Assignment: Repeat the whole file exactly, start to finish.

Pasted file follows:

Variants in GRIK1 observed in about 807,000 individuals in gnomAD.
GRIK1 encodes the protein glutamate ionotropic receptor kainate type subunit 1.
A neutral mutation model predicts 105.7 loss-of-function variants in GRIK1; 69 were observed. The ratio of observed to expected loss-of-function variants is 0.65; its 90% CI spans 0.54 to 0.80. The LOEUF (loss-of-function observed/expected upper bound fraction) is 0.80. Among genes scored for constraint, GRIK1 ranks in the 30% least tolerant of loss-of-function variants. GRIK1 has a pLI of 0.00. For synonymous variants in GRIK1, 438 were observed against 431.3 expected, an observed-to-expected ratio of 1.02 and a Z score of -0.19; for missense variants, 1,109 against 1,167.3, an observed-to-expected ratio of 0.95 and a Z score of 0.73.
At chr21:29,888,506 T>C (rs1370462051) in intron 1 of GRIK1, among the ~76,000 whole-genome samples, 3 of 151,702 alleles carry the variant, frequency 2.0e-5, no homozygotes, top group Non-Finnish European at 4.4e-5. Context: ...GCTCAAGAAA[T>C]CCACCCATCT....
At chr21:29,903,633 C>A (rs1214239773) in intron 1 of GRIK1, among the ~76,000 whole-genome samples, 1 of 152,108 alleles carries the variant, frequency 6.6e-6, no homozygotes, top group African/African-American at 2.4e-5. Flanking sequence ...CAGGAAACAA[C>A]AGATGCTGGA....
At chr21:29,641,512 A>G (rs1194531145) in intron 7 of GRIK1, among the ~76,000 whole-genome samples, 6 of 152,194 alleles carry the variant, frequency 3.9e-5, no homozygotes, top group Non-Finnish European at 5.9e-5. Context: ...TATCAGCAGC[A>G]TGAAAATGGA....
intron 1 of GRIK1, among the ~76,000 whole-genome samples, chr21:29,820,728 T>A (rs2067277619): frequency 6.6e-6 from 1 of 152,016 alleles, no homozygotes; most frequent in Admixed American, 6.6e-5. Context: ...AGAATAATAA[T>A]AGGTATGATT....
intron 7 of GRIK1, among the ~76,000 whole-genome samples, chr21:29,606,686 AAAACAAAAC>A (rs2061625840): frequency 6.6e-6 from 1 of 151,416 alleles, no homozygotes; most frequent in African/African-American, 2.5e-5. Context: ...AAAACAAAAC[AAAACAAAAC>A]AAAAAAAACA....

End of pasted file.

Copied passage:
Variants in GRIK1 observed in about 807,000 individuals in gnomAD.
GRIK1 encodes the protein glutamate ionotropic receptor kainate type subunit 1.
A neutral mutation model predicts 105.7 loss-of-function variants in GRIK1; 69 were observed. The ratio of observed to expected loss-of-function variants is 0.65; its 90% CI spans 0.54 to 0.80. The LOEUF (loss-of-function observed/expected upper bound fraction) is 0.80. Among genes scored for constraint, GRIK1 ranks in the 30% least tolerant of loss-of-function variants. GRIK1 has a pLI of 0.00. For synonymous variants in GRIK1, 438 were observed against 431.3 expected, an observed-to-expected ratio of 1.02 and a Z score of -0.19; for missense variants, 1,109 against 1,167.3, an observed-to-expected ratio of 0.95 and a Z score of 0.73.
At chr21:29,888,506 T>C (rs1370462051) in intron 1 of GRIK1, among the ~76,000 whole-genome samples, 3 of 151,702 alleles carry the variant, frequency 2.0e-5, no homozygotes, top group Non-Finnish European at 4.4e-5. Context: ...GCTCAAGAAA[T>C]CCACCCATCT....
At chr21:29,903,633 C>A (rs1214239773) in intron 1 of GRIK1, among the ~76,000 whole-genome samples, 1 of 152,108 alleles carries the variant, frequency 6.6e-6, no homozygotes, top group African/African-American at 2.4e-5. Flanking sequence ...CAGGAAACAA[C>A]AGATGCTGGA....
At chr21:29,641,512 A>G (rs1194531145) in intron 7 of GRIK1, among the ~76,000 whole-genome samples, 6 of 152,194 alleles carry the variant, frequency 3.9e-5, no homozygotes, top group Non-Finnish European at 5.9e-5. Context: ...TATCAGCAGC[A>G]TGAAAATGGA....
intron 1 of GRIK1, among the ~76,000 whole-genome samples, chr21:29,820,728 T>A (rs2067277619): frequency 6.6e-6 from 1 of 152,016 alleles, no homozygotes; most frequent in Admixed American, 6.6e-5. Context: ...AGAATAATAA[T>A]AGGTATGATT....
intron 7 of GRIK1, among the ~76,000 whole-genome samples, chr21:29,606,686 AAAACAAAAC>A (rs2061625840): frequency 6.6e-6 from 1 of 151,416 alleles, no homozygotes; most frequent in African/African-American, 2.5e-5. Context: ...AAAACAAAAC[AAAACAAAAC>A]AAAAAAAACA....